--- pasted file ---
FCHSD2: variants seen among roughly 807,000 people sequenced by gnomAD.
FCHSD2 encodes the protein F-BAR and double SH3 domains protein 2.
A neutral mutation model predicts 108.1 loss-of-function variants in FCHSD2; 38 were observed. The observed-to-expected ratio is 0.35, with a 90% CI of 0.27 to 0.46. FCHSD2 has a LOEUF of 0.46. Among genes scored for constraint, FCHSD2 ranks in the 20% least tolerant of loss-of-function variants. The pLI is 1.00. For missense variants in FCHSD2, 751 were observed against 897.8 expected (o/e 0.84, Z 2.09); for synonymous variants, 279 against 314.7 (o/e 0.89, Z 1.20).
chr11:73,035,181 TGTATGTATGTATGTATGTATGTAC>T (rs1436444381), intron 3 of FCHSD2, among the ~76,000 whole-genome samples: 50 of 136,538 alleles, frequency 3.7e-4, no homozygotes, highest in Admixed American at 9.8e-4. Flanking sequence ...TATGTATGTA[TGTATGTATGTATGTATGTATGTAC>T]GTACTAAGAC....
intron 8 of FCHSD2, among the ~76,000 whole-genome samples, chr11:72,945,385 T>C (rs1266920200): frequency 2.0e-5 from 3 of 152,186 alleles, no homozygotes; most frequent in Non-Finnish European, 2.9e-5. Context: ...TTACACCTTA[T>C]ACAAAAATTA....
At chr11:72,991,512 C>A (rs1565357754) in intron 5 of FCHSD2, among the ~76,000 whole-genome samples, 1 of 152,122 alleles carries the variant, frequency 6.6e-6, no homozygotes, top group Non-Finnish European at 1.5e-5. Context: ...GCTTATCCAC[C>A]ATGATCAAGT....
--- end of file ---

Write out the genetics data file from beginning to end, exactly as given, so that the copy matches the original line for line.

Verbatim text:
FCHSD2: variants seen among roughly 807,000 people sequenced by gnomAD.
FCHSD2 encodes the protein F-BAR and double SH3 domains protein 2.
A neutral mutation model predicts 108.1 loss-of-function variants in FCHSD2; 38 were observed. The observed-to-expected ratio is 0.35, with a 90% CI of 0.27 to 0.46. FCHSD2 has a LOEUF of 0.46. Among genes scored for constraint, FCHSD2 ranks in the 20% least tolerant of loss-of-function variants. The pLI is 1.00. For missense variants in FCHSD2, 751 were observed against 897.8 expected (o/e 0.84, Z 2.09); for synonymous variants, 279 against 314.7 (o/e 0.89, Z 1.20).
chr11:73,035,181 TGTATGTATGTATGTATGTATGTAC>T (rs1436444381), intron 3 of FCHSD2, among the ~76,000 whole-genome samples: 50 of 136,538 alleles, frequency 3.7e-4, no homozygotes, highest in Admixed American at 9.8e-4. Flanking sequence ...TATGTATGTA[TGTATGTATGTATGTATGTATGTAC>T]GTACTAAGAC....
intron 8 of FCHSD2, among the ~76,000 whole-genome samples, chr11:72,945,385 T>C (rs1266920200): frequency 2.0e-5 from 3 of 152,186 alleles, no homozygotes; most frequent in Non-Finnish European, 2.9e-5. Context: ...TTACACCTTA[T>C]ACAAAAATTA....
At chr11:72,991,512 C>A (rs1565357754) in intron 5 of FCHSD2, among the ~76,000 whole-genome samples, 1 of 152,122 alleles carries the variant, frequency 6.6e-6, no homozygotes, top group Non-Finnish European at 1.5e-5. Context: ...GCTTATCCAC[C>A]ATGATCAAGT....